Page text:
Album Reviews

Rufus Wainwright – Vibrate: The Best Of

(Universal) UK release date: 3 March 2014

Rufus Wainwright - Vibrate: The Best Of For the uninitiated, Rufus Wainwright recently turned 40. His solo career is less middle-aged – he released his eponymous debut album in 1998, but this retrospective still manages to cover nine albums and 15 years of work. Wainwright himself has said that Vibrate is “an encapsulation of my youth”, which suggests that rather than following the tried and tested formula of cashing in on an ending career with a greatest hits, he simply wants to draw a line under his output so far.

As with many compilations, Vibrate offers both a comprehensive run through of Rufus Wainwright’s work and a second disc of extra material to encourage those who already own it all to still make another purchase.

The first disc consists of 18 tracks, mainly focused on Wainwright’s earlier work. It starts with the sombre ballad Going To A Town, from 2007’s Release The Stars, but leans heavily on Want One (2003) and Want Two (2004), perhaps Wainwright’s best work. The highlight from the former is Oh What A World – a brass led pop operetta with an upbeat philosophical lilt. Like much of his work, it sounds like it should feature on a soundtrack to a stage production rather than a standard album.

As does The One You Love from Want Two. Wainwright channels his inner Thom Yorke on the chorus, a slightly creepy refrain over minor keys. Less creepy is his version of Jeff Buckley’s Hallelujah from the Shrek soundtrack, which is slightly quicker than the original and significantly less poignant.

Disc one also features a brand new song, Me And Liza, which was co-written with Guy Chambers. The track is about Wainwright’s relationship with Liza Minelli, famously fractured by his 2006 tribute concerts to her mother, Judy Garland. It is a classic, pointed and above all fun track that fans will love.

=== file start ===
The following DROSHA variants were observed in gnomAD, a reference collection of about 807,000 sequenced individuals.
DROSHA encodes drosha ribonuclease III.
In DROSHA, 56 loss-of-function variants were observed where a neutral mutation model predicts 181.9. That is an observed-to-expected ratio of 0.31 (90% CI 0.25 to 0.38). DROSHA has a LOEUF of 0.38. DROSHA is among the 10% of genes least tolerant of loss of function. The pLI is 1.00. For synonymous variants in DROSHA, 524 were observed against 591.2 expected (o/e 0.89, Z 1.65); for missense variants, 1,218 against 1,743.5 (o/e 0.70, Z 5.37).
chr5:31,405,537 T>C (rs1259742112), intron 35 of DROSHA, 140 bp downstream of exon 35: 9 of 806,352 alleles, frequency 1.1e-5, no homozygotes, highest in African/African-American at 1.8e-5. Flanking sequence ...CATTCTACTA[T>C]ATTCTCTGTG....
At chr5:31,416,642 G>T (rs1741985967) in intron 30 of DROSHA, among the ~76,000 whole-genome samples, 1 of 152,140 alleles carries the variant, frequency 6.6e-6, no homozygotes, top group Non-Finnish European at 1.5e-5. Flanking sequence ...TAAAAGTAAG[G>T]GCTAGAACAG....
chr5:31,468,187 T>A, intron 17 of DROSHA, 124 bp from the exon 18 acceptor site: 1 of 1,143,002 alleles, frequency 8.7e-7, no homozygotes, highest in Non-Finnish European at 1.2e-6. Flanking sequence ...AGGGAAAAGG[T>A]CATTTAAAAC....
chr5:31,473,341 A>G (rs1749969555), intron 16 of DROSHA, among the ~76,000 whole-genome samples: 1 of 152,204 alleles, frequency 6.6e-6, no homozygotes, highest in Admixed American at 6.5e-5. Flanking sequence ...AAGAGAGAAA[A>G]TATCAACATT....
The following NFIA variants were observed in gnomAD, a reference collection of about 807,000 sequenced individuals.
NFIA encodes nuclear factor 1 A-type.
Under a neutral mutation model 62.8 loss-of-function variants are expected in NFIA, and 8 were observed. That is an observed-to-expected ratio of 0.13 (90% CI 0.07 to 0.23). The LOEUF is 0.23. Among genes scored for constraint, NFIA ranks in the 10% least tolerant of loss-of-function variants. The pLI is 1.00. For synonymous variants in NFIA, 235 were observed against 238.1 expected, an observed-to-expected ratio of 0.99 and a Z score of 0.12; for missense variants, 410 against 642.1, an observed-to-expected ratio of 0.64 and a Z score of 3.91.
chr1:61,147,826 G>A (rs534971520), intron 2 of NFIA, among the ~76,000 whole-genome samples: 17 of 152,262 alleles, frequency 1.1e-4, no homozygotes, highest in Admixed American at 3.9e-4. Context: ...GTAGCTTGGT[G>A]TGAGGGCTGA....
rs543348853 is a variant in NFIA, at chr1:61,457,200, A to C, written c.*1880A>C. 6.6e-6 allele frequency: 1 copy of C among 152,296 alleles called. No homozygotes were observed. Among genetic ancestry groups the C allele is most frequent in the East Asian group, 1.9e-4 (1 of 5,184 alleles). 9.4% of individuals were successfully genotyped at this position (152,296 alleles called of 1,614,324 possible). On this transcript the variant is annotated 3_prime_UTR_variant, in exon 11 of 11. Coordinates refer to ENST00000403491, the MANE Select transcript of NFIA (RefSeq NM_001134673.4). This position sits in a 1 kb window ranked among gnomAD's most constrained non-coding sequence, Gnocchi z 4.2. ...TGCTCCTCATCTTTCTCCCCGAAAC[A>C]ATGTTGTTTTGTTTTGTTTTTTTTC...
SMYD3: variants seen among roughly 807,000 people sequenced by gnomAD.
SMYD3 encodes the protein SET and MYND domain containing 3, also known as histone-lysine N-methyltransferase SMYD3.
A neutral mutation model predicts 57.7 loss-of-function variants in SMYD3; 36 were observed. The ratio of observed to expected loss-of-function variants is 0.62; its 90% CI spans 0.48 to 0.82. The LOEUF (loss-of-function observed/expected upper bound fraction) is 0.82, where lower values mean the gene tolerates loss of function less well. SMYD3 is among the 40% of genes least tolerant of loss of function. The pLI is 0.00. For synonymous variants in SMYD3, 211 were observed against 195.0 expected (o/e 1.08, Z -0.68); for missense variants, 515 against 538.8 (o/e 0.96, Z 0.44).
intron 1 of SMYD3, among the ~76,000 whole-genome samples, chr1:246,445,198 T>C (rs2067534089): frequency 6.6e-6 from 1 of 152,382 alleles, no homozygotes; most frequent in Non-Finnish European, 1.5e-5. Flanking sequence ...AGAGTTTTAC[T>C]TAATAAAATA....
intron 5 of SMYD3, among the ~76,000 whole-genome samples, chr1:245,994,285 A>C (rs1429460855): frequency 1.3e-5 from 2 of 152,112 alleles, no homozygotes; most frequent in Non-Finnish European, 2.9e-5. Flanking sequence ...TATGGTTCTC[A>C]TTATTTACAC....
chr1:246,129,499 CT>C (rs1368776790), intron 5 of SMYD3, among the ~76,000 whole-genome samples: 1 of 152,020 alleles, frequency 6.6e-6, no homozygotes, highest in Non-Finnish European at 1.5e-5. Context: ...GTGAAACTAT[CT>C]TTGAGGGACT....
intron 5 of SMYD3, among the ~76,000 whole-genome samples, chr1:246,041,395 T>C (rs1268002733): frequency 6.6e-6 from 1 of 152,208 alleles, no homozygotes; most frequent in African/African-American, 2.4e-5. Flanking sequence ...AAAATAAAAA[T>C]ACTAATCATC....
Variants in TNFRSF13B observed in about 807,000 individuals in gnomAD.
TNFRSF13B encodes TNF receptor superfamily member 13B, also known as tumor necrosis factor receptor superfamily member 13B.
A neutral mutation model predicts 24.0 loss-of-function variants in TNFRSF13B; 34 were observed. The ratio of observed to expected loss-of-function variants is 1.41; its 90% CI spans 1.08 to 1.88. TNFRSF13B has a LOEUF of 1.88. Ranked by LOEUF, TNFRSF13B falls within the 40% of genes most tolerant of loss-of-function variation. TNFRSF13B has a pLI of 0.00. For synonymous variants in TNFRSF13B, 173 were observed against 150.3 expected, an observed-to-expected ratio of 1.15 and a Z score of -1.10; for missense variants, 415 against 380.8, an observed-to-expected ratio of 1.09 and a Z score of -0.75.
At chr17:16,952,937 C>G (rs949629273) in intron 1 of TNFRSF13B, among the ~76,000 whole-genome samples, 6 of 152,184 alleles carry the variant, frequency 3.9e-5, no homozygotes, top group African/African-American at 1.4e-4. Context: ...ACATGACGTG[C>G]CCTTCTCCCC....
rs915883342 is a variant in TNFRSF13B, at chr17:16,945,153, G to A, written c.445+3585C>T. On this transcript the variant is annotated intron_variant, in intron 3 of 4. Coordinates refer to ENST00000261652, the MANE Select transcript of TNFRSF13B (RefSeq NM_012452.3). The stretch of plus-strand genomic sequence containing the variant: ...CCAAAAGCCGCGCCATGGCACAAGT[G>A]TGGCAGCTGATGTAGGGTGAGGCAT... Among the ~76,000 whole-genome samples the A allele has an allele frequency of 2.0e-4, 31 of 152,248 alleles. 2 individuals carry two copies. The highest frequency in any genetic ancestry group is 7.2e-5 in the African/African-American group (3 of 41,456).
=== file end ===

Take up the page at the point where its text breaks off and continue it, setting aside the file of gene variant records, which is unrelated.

The second disc, for those with pockets deep enough to purchase the deluxe edition, has plenty more to keep even the most devout Rufus Wainwright fan interested. It features some of the oddities of his career including The Maker Makes, his piano ballad from the Brokeback Mountain soundtrack, a cover of Across The Universe that once appeared as a bonus track on 2003’s Poses, as well as La Complainte De La Butte, sung half in French, from the Moulin Rouge soundtrack.

WW111 (World War Three) is also here, not a new song, but one that has never been on a Rufus Wainwright release before. That is a shame, because it is something of a lost classic with a brilliant Wainwrightian refrain of “Don’t bore us, get to the chorus” over tinkling piano. This track was also co-written with Guy Chambers.

Wainwright also gives a nod to his musical heritage with a cover of One Man Guy by his father Loudon Wainwright III (which also featured in Brokeback Mountain), as well as tracks from his tribute show to Judy Garland, in this case recorded at Kenwood House in London. The Garland tribute extends to three live tracks.

Perhaps it is fitting that Vibrate ends with an excerpt of an interview of Wainwright with Jo Whiley, recorded in 2011 where he claims his success is down to a good amount of preparation, rest and insanity. What Vibrate shows is that Wainwright is an extremely versatile and interesting artist, who will no doubt expand on this collection in the years to come.

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Rufus Wainwright – Vibrate: The Best Of